A great deal of scrutiny has been placed on research, especially in lieu of recent fraud convictions of investigators and even deaths of study volunteers in the case of drug trials. The National Institutes of Health developed a Clinical Research Guide with Good Clinical Practices (www.nhlbi.nih.gov/crg/management_gcp.php) to help guide researchers.
One problem in researching foods and botanicals is they are difficult to study. Unlike drugs, they are not purified, isolated substances. If you look at supplement research, it is at such a neophyte stage. Drugs are synthetic, but we dont even know what active ingredients are in botanicals. They may have effects that are so variable. What time of day were they picked, during what season, how were they stored? People have studied ginger their whole lifetime and have barely picked away at some of its factors, says Marriott.
Other concerns arise on how research data is used. When they get the results, often you will see people take data farther than they should. They need to review the variables, not only from a statistical perspective, but a biological perspective, says Marriott.
Ethics of funding research
How funding may affect research conclusions has become a hot topic. An eye-opening article published in PLOS Medicine in Jan. 2007 explored the relationship between funding source and conclusion among nutrition studies. Based on searches of worldwide literature, three article types about soft drinks, juice and milk published between Jan. 1, 1999, and Dec. 31, 2003, were identified for a total of 206 articles. It was discovered that the funding source was significantly related to study conclusions. For interventional studies, the proportion with unfavorable conclusions was 0% for all industry funding versus 37% for no industry funding. The researchers concluded industry funding of nutrition- related scientific articles may bias conclusions in favor of sponsors products.
In an article published in the same issue, Martijn B. Katan, professor of nutrition, Vrije Universiteit, Amsterdam, the Netherlands, reported, When an industry is the major sponsor of research on its own product, unfavorable effects of that product are less likely to be investigated.
But, according to Marriott: Industry funds wonderful research. It depends on how closely controlled the studies are. Many scientists have industry funding, and the industry has said what does and doesnt get published. But scientists primarily funded by industry need to set up contracts so that no matter what they find, it will be published. Marriott reports that an excellent model for industry research exists outside the United States in which a greater amount of money is invested in research, often not even related to their products.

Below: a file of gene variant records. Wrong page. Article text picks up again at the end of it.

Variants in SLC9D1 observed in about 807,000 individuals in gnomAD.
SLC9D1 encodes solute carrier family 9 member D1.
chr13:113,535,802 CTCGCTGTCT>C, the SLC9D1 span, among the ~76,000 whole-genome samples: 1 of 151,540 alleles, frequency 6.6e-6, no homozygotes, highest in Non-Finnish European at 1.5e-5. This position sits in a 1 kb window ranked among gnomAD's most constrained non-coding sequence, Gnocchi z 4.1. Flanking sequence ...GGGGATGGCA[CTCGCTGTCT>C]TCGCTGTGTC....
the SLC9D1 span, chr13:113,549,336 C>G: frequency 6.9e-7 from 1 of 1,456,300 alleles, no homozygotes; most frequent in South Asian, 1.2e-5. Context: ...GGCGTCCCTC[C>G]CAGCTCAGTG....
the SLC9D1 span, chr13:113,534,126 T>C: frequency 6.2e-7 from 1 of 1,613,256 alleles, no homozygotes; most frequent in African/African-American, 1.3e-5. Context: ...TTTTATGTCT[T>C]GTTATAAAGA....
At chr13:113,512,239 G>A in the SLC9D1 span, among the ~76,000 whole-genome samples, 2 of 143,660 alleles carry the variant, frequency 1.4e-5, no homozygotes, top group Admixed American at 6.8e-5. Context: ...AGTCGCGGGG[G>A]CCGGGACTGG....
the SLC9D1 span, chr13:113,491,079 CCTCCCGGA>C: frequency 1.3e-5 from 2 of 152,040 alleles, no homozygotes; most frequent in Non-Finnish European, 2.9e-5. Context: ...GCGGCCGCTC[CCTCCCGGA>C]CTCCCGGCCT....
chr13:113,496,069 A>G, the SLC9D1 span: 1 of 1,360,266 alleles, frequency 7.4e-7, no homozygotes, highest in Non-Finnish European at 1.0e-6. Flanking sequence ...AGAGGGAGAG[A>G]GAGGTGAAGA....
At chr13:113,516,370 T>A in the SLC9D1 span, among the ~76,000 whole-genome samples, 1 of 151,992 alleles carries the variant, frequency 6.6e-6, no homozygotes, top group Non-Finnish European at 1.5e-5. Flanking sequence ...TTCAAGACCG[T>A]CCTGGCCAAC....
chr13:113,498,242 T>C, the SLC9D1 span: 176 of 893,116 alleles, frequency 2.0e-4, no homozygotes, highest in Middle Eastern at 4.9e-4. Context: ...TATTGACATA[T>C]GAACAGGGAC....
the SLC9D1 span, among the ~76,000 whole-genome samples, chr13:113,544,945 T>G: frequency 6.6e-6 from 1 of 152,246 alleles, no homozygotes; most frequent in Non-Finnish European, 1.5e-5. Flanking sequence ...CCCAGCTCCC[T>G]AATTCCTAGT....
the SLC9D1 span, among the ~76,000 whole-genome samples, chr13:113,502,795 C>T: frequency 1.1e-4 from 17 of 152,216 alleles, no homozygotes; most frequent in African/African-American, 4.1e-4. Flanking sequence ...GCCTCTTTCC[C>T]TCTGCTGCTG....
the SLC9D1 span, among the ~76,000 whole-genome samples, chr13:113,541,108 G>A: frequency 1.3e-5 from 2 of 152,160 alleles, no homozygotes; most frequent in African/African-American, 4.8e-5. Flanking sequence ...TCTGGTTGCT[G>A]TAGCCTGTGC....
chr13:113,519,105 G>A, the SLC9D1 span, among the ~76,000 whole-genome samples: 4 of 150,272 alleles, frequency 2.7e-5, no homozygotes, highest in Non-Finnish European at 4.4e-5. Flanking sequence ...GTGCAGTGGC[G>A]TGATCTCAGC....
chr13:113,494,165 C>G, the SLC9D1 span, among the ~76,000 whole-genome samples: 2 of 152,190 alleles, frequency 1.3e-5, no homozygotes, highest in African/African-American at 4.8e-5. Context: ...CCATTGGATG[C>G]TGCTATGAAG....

In addition, many industry sources contend that, because of the cost of conducting valid studies, companies tend to be particular about the research they fund. Its easier to justify spending money on research that looks likely to come to a positive conclusion, such as omega-3s and heart health, vs. betting on a long shot.
Research worthy of FDA
If youre thinking about petitioning FDA for a health claim, brace yourself. The scientific hill to climb is steep. No. 1, you have to understand and look at the law. You have to have a big, strong file before youre going to move forward. But the FDA is much more transparent now about what they consider research to meet a claim, says Fabricant.
A 21-page FDA guidance document entitled, Guidance for Industry Significant Scientific Agreement in the Review of Health Claims for Conventional Foods and Dietary Supplements, outlines the scientific burden of proof that a company must take to the table to make a new health claim.
According to Chaudhari, important criteria for health claims include characterization of a nutrient, effective dosage of a nutrient, upper-limit safety issues, long-term effects, stability in a specific food application and interactions with other components of a food or beverage.
When it comes to meeting customers expectations for real health benefits in food products, planting both your feet in science seems like the smartest way to take the high road.
Sharon Palmer is a registered dietitian with 16 years of experience in health-care and foodservice management. She writes on food and nutrition for newspapers, magazines, websites and books. Palmer makes her home in Southern California and can be reached at [email protected].